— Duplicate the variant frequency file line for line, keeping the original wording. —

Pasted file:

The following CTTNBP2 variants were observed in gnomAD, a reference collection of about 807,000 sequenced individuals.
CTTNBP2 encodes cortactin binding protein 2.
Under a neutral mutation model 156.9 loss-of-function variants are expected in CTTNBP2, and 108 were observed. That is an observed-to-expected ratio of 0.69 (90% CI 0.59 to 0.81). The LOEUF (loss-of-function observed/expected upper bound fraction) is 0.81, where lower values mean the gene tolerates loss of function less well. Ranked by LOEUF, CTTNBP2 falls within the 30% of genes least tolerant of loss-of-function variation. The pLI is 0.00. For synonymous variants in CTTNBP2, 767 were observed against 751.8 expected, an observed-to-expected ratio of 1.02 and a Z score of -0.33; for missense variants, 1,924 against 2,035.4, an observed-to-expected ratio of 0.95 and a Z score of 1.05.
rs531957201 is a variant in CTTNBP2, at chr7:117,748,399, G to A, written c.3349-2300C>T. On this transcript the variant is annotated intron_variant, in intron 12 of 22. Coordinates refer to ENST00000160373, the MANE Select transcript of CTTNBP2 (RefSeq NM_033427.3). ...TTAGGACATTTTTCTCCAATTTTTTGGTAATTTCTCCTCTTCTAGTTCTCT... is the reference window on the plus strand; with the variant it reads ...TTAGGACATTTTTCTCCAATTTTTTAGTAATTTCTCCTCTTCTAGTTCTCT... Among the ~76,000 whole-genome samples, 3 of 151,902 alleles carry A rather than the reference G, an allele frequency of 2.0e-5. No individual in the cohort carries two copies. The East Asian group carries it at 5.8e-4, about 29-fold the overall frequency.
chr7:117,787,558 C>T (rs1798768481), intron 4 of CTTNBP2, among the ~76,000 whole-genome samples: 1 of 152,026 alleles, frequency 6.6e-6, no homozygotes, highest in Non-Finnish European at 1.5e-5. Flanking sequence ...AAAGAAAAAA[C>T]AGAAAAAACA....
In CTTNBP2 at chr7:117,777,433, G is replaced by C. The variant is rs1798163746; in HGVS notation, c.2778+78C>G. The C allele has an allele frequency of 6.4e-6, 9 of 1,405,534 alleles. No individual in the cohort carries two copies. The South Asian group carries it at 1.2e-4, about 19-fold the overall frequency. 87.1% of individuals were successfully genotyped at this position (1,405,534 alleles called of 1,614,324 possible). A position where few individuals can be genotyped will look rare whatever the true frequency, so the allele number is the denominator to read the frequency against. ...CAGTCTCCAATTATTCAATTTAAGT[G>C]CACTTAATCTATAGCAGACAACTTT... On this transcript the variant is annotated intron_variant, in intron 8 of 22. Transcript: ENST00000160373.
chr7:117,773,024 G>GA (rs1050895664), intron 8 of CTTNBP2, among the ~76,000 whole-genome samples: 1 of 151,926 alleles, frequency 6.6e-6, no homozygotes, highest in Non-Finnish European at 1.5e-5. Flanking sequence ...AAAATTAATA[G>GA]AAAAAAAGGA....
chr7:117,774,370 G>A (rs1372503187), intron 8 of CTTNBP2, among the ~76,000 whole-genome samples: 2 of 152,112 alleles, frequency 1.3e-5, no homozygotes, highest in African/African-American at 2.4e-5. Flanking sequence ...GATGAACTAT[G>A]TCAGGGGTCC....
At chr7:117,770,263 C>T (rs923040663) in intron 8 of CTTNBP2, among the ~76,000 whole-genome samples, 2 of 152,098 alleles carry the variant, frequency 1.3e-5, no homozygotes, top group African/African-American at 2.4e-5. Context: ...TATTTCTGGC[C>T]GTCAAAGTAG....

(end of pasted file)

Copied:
The following CTTNBP2 variants were observed in gnomAD, a reference collection of about 807,000 sequenced individuals.
CTTNBP2 encodes cortactin binding protein 2.
Under a neutral mutation model 156.9 loss-of-function variants are expected in CTTNBP2, and 108 were observed. That is an observed-to-expected ratio of 0.69 (90% CI 0.59 to 0.81). The LOEUF (loss-of-function observed/expected upper bound fraction) is 0.81, where lower values mean the gene tolerates loss of function less well. Ranked by LOEUF, CTTNBP2 falls within the 30% of genes least tolerant of loss-of-function variation. The pLI is 0.00. For synonymous variants in CTTNBP2, 767 were observed against 751.8 expected, an observed-to-expected ratio of 1.02 and a Z score of -0.33; for missense variants, 1,924 against 2,035.4, an observed-to-expected ratio of 0.95 and a Z score of 1.05.
rs531957201 is a variant in CTTNBP2, at chr7:117,748,399, G to A, written c.3349-2300C>T. On this transcript the variant is annotated intron_variant, in intron 12 of 22. Coordinates refer to ENST00000160373, the MANE Select transcript of CTTNBP2 (RefSeq NM_033427.3). ...TTAGGACATTTTTCTCCAATTTTTTGGTAATTTCTCCTCTTCTAGTTCTCT... is the reference window on the plus strand; with the variant it reads ...TTAGGACATTTTTCTCCAATTTTTTAGTAATTTCTCCTCTTCTAGTTCTCT... Among the ~76,000 whole-genome samples, 3 of 151,902 alleles carry A rather than the reference G, an allele frequency of 2.0e-5. No individual in the cohort carries two copies. The East Asian group carries it at 5.8e-4, about 29-fold the overall frequency.
chr7:117,787,558 C>T (rs1798768481), intron 4 of CTTNBP2, among the ~76,000 whole-genome samples: 1 of 152,026 alleles, frequency 6.6e-6, no homozygotes, highest in Non-Finnish European at 1.5e-5. Flanking sequence ...AAAGAAAAAA[C>T]AGAAAAAACA....
In CTTNBP2 at chr7:117,777,433, G is replaced by C. The variant is rs1798163746; in HGVS notation, c.2778+78C>G. The C allele has an allele frequency of 6.4e-6, 9 of 1,405,534 alleles. No individual in the cohort carries two copies. The South Asian group carries it at 1.2e-4, about 19-fold the overall frequency. 87.1% of individuals were successfully genotyped at this position (1,405,534 alleles called of 1,614,324 possible). A position where few individuals can be genotyped will look rare whatever the true frequency, so the allele number is the denominator to read the frequency against. ...CAGTCTCCAATTATTCAATTTAAGT[G>C]CACTTAATCTATAGCAGACAACTTT... On this transcript the variant is annotated intron_variant, in intron 8 of 22. Transcript: ENST00000160373.
chr7:117,773,024 G>GA (rs1050895664), intron 8 of CTTNBP2, among the ~76,000 whole-genome samples: 1 of 151,926 alleles, frequency 6.6e-6, no homozygotes, highest in Non-Finnish European at 1.5e-5. Flanking sequence ...AAAATTAATA[G>GA]AAAAAAAGGA....
chr7:117,774,370 G>A (rs1372503187), intron 8 of CTTNBP2, among the ~76,000 whole-genome samples: 2 of 152,112 alleles, frequency 1.3e-5, no homozygotes, highest in African/African-American at 2.4e-5. Flanking sequence ...GATGAACTAT[G>A]TCAGGGGTCC....
At chr7:117,770,263 C>T (rs923040663) in intron 8 of CTTNBP2, among the ~76,000 whole-genome samples, 2 of 152,098 alleles carry the variant, frequency 1.3e-5, no homozygotes, top group African/African-American at 2.4e-5. Context: ...TATTTCTGGC[C>T]GTCAAAGTAG....